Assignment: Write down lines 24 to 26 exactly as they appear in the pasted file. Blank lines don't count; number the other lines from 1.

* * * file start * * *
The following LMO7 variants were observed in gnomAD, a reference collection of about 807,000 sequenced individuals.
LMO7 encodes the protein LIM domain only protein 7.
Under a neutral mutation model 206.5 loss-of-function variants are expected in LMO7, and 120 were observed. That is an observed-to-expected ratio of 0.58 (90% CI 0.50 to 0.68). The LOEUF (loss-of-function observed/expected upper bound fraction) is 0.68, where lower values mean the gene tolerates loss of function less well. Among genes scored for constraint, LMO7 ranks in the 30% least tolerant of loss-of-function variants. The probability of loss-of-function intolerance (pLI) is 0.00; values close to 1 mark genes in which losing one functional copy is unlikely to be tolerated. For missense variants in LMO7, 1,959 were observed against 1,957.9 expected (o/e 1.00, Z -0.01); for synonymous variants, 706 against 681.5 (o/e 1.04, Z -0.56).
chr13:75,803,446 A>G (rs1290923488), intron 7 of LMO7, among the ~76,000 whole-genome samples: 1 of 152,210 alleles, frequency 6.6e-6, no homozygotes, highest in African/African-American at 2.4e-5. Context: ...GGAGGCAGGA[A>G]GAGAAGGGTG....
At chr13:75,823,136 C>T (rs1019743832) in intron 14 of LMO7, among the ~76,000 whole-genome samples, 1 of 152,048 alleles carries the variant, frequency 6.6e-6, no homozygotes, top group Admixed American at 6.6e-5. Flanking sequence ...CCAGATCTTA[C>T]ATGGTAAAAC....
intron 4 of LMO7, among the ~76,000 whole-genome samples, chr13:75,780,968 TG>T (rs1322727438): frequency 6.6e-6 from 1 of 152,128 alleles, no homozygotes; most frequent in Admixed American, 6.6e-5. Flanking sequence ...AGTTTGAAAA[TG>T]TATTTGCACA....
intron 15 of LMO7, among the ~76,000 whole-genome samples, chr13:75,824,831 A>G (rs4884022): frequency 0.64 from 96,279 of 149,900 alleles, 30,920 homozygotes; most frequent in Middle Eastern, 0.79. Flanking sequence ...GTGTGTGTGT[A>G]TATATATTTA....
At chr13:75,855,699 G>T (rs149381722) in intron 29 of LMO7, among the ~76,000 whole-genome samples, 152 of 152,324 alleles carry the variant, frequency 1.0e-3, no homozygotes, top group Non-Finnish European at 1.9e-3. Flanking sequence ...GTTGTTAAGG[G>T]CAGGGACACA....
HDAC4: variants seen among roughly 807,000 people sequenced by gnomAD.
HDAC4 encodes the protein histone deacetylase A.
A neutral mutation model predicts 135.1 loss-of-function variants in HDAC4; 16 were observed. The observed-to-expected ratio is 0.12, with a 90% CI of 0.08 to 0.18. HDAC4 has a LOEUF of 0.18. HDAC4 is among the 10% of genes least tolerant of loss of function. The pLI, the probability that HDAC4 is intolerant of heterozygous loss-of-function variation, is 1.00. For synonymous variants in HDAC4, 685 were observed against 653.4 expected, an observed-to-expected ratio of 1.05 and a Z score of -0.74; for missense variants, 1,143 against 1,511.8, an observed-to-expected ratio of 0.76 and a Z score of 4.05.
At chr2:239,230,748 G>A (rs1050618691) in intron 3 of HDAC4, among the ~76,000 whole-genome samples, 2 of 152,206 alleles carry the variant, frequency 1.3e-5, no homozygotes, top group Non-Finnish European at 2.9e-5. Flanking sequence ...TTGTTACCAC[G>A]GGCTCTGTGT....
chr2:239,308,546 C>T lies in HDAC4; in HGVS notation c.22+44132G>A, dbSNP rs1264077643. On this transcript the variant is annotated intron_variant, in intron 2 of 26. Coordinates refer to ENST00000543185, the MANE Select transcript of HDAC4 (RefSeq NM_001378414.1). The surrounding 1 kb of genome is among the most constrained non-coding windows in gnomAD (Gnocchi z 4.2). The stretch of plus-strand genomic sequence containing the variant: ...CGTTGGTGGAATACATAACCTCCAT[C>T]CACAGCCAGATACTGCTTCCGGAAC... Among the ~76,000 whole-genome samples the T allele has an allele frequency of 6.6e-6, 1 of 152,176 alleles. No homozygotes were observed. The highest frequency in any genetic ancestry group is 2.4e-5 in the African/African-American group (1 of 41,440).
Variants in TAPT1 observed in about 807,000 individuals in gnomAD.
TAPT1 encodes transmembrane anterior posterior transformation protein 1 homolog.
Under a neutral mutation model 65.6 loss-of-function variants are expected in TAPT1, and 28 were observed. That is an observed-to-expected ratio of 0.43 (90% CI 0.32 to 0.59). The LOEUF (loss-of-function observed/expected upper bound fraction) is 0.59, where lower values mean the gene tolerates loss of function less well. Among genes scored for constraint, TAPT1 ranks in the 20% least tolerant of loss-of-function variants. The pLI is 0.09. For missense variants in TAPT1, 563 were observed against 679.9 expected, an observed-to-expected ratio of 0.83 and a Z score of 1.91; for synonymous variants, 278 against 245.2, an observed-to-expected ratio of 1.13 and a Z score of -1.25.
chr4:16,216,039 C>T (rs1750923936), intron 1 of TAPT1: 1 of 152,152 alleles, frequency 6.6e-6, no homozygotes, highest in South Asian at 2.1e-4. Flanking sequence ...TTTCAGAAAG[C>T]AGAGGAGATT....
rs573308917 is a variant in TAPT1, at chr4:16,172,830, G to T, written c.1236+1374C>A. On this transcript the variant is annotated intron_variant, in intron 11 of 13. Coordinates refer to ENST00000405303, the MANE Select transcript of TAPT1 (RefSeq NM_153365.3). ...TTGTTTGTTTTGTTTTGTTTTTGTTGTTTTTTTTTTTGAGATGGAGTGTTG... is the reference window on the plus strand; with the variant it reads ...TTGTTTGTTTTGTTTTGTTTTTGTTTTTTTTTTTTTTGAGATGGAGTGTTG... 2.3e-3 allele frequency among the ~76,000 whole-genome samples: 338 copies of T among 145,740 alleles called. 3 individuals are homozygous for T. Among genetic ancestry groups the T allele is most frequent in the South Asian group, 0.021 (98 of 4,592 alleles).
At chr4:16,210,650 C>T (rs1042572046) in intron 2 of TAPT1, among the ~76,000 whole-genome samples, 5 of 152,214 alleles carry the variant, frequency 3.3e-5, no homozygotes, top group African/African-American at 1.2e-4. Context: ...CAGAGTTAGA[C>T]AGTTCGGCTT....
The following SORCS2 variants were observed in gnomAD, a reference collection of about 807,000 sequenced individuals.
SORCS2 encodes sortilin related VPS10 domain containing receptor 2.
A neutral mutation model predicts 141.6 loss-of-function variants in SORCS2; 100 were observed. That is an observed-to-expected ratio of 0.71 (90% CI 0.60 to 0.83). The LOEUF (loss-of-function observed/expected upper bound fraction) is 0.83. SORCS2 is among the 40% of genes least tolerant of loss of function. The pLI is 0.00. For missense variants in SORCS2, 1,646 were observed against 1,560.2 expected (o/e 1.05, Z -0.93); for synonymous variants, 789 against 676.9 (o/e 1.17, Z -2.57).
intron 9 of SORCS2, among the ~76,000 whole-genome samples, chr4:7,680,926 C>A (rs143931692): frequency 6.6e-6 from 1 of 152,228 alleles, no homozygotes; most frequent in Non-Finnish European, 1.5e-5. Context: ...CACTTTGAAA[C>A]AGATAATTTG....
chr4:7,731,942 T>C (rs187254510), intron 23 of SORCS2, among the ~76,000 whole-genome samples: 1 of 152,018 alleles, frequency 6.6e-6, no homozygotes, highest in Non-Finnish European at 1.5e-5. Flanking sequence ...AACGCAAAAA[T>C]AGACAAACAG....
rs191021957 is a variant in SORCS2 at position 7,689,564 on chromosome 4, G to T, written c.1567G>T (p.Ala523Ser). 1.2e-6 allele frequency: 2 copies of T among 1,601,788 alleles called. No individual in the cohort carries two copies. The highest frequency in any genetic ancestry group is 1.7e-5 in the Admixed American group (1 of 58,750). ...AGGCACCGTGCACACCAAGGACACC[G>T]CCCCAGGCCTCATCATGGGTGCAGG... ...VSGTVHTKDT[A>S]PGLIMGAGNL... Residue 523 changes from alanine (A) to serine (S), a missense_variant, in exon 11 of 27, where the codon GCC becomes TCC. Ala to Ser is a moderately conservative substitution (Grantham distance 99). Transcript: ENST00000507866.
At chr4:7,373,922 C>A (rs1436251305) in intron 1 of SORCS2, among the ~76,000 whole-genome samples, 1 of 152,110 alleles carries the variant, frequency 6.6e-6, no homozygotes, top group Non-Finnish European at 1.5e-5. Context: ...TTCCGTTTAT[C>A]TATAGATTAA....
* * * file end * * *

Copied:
chr4:7,731,942 T>C (rs187254510), intron 23 of SORCS2, among the ~76,000 whole-genome samples: 1 of 152,018 alleles, frequency 6.6e-6, no homozygotes, highest in Non-Finnish European at 1.5e-5. Flanking sequence ...AACGCAAAAA[T>C]AGACAAACAG....
rs191021957 is a variant in SORCS2 at position 7,689,564 on chromosome 4, G to T, written c.1567G>T (p.Ala523Ser). 1.2e-6 allele frequency: 2 copies of T among 1,601,788 alleles called. No individual in the cohort carries two copies. The highest frequency in any genetic ancestry group is 1.7e-5 in the Admixed American group (1 of 58,750). ...AGGCACCGTGCACACCAAGGACACC[G>T]CCCCAGGCCTCATCATGGGTGCAGG... ...VSGTVHTKDT[A>S]PGLIMGAGNL... Residue 523 changes from alanine (A) to serine (S), a missense_variant, in exon 11 of 27, where the codon GCC becomes TCC. Ala to Ser is a moderately conservative substitution (Grantham distance 99). Transcript: ENST00000507866.
At chr4:7,373,922 C>A (rs1436251305) in intron 1 of SORCS2, among the ~76,000 whole-genome samples, 1 of 152,110 alleles carries the variant, frequency 6.6e-6, no homozygotes, top group Non-Finnish European at 1.5e-5. Context: ...TTCCGTTTAT[C>A]TATAGATTAA....